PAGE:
Emily Dickinson the Unspoken Transcendentalist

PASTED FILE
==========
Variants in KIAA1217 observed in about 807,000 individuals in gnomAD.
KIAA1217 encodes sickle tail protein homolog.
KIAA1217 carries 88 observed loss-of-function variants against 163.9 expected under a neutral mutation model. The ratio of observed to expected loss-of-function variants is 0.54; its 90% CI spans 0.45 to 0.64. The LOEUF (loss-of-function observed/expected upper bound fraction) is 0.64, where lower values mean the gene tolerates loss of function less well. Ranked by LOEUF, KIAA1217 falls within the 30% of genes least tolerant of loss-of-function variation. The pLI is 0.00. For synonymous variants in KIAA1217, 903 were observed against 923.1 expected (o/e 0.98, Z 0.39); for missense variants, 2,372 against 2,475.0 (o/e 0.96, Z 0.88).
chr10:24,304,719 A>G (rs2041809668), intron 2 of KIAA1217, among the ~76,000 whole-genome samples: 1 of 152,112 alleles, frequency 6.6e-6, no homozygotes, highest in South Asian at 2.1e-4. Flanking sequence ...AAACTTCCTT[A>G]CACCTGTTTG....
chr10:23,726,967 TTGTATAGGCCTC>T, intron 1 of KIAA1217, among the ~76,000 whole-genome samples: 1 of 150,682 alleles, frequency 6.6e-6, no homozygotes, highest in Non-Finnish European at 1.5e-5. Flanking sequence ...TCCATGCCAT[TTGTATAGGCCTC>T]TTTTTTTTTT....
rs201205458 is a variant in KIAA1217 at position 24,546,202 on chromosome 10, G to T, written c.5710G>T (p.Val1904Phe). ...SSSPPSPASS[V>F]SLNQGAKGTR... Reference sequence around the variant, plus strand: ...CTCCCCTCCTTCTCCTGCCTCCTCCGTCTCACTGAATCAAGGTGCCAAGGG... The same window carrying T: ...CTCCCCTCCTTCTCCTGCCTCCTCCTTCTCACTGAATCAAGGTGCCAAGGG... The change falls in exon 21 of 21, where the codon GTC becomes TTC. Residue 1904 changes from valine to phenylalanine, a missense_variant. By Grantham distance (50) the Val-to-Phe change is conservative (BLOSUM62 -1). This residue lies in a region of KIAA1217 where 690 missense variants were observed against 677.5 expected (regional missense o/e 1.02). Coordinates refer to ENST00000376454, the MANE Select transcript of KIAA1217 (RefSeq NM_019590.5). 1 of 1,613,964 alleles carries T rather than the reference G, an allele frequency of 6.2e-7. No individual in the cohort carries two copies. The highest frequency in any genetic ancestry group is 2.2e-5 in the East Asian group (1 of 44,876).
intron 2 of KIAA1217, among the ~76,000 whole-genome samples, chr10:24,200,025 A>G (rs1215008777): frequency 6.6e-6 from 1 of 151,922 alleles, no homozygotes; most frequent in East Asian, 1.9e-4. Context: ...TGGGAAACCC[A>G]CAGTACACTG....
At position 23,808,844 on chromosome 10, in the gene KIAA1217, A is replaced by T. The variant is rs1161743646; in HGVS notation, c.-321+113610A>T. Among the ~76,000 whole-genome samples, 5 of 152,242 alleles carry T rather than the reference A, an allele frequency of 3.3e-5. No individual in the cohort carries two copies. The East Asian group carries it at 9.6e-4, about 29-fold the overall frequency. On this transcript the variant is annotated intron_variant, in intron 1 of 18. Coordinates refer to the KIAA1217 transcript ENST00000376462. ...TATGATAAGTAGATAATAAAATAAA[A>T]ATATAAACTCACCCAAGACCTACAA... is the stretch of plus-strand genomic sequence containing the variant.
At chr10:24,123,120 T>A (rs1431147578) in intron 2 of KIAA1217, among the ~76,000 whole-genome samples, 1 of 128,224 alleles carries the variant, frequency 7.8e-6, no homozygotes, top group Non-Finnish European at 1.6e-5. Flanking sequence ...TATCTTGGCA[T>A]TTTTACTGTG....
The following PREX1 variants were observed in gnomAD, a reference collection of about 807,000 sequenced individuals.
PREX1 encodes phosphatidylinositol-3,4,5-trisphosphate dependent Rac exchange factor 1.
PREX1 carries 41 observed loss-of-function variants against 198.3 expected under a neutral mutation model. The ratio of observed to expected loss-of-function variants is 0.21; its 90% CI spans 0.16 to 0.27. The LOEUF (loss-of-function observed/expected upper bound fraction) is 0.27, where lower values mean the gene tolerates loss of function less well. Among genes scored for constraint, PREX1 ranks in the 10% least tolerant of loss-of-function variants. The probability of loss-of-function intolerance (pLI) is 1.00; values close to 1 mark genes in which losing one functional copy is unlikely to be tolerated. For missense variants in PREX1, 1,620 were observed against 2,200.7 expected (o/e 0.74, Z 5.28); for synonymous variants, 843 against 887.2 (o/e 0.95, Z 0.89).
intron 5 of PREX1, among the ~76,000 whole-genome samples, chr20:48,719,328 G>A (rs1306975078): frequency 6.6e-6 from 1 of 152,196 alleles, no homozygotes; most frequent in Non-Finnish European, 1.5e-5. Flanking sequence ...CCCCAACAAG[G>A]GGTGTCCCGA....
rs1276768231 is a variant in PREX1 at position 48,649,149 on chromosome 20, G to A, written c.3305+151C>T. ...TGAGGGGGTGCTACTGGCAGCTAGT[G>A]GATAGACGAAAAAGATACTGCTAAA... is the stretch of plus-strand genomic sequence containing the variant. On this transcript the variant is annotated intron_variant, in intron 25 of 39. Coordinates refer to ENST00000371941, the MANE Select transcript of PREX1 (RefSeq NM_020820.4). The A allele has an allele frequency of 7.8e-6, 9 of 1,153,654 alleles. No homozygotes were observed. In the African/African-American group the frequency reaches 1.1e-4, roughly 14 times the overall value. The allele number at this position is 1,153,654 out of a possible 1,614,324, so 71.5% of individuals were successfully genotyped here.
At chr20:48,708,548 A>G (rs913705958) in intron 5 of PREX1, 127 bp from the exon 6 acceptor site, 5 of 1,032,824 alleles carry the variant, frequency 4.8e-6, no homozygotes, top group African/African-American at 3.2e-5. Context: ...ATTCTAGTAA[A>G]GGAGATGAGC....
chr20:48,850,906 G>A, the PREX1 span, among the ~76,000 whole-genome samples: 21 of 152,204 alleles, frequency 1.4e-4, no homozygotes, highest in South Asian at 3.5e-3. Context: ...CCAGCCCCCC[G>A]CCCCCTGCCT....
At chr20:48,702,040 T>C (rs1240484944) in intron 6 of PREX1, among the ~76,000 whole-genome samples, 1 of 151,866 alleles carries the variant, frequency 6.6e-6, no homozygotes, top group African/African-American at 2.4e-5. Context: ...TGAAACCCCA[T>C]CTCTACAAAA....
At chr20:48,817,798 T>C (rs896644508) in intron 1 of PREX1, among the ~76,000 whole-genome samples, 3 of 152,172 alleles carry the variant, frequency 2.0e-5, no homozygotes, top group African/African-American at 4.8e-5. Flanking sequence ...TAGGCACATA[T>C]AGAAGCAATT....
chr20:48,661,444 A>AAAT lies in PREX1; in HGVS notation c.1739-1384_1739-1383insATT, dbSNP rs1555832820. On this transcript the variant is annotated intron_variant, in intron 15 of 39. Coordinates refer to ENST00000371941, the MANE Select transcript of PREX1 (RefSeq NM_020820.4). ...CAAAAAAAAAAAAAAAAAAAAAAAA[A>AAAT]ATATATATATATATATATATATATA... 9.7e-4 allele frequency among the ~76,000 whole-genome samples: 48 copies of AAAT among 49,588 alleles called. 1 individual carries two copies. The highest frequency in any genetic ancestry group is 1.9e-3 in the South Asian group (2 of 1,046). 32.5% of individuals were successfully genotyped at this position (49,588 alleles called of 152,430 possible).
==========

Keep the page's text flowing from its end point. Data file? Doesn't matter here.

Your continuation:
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Emily Dickinson is one of the most widely read and well known American poets. While she doesn't exactly fall into the category of the Transcendentalists, she was well-regarded by Emerson and she read his work thoughtfully. In 1850 her friend Benjamin Newton gave her Emerson's first collection of poems whose style and subject seem to resonate in her poetry. Later she expressed admiration of the writing of Thoreau. Dickinson kept her writing, as well as her writerly intentions, as simple as possible. According to Roy Harvey Pearce, "she is simply and starkly concerned with being herself and accommodating her view of the world to that concern." Ironically, for wishing only to be herself, Dickinson was following a transcendental ideal; she was being true to herself and being an individual at all costs, as opposed to conforming to a world of followers. Keeping Dickinson's famous reclusively in mind, one could say that in her lifetime she was neither a leader nor a follower. Dickinson never tied herself to a specific school of thought or philosophy, she was simply herself. Perhaps that was transcendental. Some poems of Emily Dickinson seem to be transcendental, yet not quite. She appears to search for the universal truths and investigate the circumstances of the human condition: sense of life, immortality, God, faith, place of man in the universe. Emily Dickinson questions absolutes and her argumentation is multisided. The poetic technique that she uses involves making abstract concrete, which creates a striking imagery like that of a hand of the wind combing the Sky. One could perceive Emerson's transcendentalism's, influence in these poems but the profound difference here is that Emily Dickinson does not take a role of a prophet, redeemer and teacher of the world. Instead, hers is the lonely search for the truth; she dismisses conventional faith as the easiest way toward salvation. Self-analysis, self-discipline, and self-critique are the tools of her search....
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